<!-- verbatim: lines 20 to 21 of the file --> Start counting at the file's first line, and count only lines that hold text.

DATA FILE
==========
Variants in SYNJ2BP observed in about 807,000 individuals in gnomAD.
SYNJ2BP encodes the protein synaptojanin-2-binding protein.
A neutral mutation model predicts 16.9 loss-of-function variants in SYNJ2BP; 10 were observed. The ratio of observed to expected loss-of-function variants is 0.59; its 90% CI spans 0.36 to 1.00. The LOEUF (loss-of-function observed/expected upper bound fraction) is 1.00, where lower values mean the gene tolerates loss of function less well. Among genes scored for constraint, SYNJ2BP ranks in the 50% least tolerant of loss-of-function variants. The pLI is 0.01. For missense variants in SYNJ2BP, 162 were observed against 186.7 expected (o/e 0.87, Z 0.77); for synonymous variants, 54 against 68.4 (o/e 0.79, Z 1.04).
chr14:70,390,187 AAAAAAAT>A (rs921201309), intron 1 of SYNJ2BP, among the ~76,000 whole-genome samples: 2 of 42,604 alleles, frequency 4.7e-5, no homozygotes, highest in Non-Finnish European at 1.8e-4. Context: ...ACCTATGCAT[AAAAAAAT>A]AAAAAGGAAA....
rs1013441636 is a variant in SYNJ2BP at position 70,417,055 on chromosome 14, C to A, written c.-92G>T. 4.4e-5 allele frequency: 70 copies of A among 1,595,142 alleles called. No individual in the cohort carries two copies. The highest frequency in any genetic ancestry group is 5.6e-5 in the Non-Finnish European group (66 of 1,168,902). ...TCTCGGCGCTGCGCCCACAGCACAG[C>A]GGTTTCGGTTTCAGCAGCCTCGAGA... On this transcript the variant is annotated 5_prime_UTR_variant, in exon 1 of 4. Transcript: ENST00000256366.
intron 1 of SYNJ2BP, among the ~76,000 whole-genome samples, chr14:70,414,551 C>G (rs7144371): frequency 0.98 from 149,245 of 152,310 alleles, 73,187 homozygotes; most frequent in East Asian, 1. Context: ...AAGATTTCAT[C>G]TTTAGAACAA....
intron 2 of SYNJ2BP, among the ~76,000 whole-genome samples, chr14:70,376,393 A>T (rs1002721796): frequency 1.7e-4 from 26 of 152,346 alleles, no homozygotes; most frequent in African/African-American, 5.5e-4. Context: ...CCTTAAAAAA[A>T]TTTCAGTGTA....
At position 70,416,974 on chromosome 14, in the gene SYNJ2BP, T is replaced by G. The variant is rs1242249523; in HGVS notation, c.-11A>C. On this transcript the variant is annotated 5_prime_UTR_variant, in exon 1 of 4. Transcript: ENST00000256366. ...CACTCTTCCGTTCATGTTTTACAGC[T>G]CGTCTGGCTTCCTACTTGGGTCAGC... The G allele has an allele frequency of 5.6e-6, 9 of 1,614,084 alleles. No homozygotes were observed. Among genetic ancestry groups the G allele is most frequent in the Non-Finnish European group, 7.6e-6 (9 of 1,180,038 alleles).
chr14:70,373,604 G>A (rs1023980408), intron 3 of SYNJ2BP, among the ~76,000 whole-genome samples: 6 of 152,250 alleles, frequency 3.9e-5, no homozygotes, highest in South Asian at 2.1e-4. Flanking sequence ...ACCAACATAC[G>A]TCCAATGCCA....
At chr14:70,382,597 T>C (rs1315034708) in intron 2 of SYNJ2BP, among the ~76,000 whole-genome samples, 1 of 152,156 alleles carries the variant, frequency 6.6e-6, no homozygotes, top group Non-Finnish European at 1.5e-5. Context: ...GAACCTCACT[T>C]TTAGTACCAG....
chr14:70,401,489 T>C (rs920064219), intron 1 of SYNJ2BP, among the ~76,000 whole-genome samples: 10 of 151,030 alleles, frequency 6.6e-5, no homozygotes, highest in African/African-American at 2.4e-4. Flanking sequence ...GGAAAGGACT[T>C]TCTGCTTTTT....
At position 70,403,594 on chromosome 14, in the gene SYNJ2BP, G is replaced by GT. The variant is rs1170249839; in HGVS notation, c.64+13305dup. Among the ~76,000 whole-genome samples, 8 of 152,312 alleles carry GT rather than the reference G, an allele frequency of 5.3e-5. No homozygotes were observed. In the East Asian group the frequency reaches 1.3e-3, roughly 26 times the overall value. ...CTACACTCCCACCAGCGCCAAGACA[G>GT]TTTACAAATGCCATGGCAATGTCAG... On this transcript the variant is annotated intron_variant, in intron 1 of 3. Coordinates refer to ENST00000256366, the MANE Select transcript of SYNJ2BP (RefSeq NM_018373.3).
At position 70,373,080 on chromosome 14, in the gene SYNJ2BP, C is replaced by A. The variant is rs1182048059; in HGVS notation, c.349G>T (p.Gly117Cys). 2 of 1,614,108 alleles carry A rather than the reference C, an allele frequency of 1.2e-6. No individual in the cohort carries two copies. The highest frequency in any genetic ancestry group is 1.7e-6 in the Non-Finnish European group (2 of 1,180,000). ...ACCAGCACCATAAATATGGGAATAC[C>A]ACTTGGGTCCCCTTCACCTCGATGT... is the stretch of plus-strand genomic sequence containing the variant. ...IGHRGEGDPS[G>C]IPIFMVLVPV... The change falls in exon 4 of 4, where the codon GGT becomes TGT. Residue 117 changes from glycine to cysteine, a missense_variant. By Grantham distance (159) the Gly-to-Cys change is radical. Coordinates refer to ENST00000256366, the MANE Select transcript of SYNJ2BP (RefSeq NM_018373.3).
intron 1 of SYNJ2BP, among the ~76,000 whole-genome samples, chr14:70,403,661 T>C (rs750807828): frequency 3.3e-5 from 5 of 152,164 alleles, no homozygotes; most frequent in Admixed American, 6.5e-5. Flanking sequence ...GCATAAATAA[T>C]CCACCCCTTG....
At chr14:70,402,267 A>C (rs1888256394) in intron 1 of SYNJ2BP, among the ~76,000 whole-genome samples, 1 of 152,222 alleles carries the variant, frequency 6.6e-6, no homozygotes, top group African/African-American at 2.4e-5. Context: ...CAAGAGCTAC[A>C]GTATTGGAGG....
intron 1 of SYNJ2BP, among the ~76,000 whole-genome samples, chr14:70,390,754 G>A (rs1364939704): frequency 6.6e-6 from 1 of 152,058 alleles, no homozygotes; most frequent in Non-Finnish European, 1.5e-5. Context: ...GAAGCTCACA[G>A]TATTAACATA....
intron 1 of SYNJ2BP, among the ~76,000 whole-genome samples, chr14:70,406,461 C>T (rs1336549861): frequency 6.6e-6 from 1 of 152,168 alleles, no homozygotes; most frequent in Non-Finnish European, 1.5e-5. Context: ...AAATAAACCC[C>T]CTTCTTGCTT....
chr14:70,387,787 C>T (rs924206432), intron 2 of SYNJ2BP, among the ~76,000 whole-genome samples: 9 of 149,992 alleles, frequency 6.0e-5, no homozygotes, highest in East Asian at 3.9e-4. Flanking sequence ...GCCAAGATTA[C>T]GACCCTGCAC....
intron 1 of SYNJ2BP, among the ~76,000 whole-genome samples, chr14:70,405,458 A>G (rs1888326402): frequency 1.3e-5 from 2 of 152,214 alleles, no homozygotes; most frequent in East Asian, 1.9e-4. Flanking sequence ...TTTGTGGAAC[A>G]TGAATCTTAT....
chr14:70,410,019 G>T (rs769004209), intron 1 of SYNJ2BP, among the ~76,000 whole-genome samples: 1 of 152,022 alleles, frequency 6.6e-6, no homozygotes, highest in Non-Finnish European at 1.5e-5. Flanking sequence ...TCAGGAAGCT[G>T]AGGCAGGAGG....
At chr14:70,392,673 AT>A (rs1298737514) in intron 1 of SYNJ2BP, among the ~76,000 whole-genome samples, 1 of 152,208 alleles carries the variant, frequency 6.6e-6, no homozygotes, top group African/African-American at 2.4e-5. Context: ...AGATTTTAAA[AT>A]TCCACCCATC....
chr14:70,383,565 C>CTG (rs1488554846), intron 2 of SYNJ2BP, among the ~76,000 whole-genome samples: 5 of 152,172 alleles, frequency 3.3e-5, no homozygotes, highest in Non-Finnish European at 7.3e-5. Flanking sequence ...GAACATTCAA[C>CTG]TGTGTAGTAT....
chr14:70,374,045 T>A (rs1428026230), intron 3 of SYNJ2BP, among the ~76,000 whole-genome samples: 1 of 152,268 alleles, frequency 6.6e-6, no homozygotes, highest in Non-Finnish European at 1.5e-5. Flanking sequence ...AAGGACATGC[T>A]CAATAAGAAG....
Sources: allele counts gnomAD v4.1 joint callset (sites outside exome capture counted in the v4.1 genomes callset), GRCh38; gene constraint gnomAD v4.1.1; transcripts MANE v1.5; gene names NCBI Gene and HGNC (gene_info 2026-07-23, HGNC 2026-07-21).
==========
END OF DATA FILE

chr14:70,410,019 G>T (rs769004209), intron 1 of SYNJ2BP, among the ~76,000 whole-genome samples: 1 of 152,022 alleles, frequency 6.6e-6, no homozygotes, highest in Non-Finnish European at 1.5e-5. Flanking sequence ...TCAGGAAGCT[G>T]AGGCAGGAGG....
At chr14:70,392,673 AT>A (rs1298737514) in intron 1 of SYNJ2BP, among the ~76,000 whole-genome samples, 1 of 152,208 alleles carries the variant, frequency 6.6e-6, no homozygotes, top group African/African-American at 2.4e-5. Context: ...AGATTTTAAA[AT>A]TCCACCCATC....